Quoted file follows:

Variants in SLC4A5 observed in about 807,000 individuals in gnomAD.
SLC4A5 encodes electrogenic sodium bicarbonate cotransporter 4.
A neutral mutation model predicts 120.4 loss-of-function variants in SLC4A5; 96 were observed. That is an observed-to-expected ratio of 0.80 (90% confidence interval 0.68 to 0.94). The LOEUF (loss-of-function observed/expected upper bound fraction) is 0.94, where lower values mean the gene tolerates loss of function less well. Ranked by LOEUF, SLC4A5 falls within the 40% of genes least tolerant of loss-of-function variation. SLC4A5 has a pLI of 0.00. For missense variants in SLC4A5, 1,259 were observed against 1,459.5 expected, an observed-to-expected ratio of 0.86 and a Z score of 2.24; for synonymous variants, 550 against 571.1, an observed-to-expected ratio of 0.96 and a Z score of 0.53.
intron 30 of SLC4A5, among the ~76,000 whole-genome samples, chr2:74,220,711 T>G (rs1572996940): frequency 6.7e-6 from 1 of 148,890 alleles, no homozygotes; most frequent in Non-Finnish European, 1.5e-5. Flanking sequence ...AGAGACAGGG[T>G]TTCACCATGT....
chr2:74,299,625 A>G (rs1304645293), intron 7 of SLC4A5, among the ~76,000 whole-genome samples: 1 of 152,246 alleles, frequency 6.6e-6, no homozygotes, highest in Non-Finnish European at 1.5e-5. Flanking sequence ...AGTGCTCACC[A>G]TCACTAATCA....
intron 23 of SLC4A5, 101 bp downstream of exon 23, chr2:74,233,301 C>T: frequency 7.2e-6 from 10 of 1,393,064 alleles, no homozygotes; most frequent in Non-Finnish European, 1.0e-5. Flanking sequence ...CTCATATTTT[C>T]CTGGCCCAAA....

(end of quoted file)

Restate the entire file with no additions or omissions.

Variants in SLC4A5 observed in about 807,000 individuals in gnomAD.
SLC4A5 encodes electrogenic sodium bicarbonate cotransporter 4.
A neutral mutation model predicts 120.4 loss-of-function variants in SLC4A5; 96 were observed. That is an observed-to-expected ratio of 0.80 (90% confidence interval 0.68 to 0.94). The LOEUF (loss-of-function observed/expected upper bound fraction) is 0.94, where lower values mean the gene tolerates loss of function less well. Ranked by LOEUF, SLC4A5 falls within the 40% of genes least tolerant of loss-of-function variation. SLC4A5 has a pLI of 0.00. For missense variants in SLC4A5, 1,259 were observed against 1,459.5 expected, an observed-to-expected ratio of 0.86 and a Z score of 2.24; for synonymous variants, 550 against 571.1, an observed-to-expected ratio of 0.96 and a Z score of 0.53.
intron 30 of SLC4A5, among the ~76,000 whole-genome samples, chr2:74,220,711 T>G (rs1572996940): frequency 6.7e-6 from 1 of 148,890 alleles, no homozygotes; most frequent in Non-Finnish European, 1.5e-5. Flanking sequence ...AGAGACAGGG[T>G]TTCACCATGT....
chr2:74,299,625 A>G (rs1304645293), intron 7 of SLC4A5, among the ~76,000 whole-genome samples: 1 of 152,246 alleles, frequency 6.6e-6, no homozygotes, highest in Non-Finnish European at 1.5e-5. Flanking sequence ...AGTGCTCACC[A>G]TCACTAATCA....
intron 23 of SLC4A5, 101 bp downstream of exon 23, chr2:74,233,301 C>T: frequency 7.2e-6 from 10 of 1,393,064 alleles, no homozygotes; most frequent in Non-Finnish European, 1.0e-5. Flanking sequence ...CTCATATTTT[C>T]CTGGCCCAAA....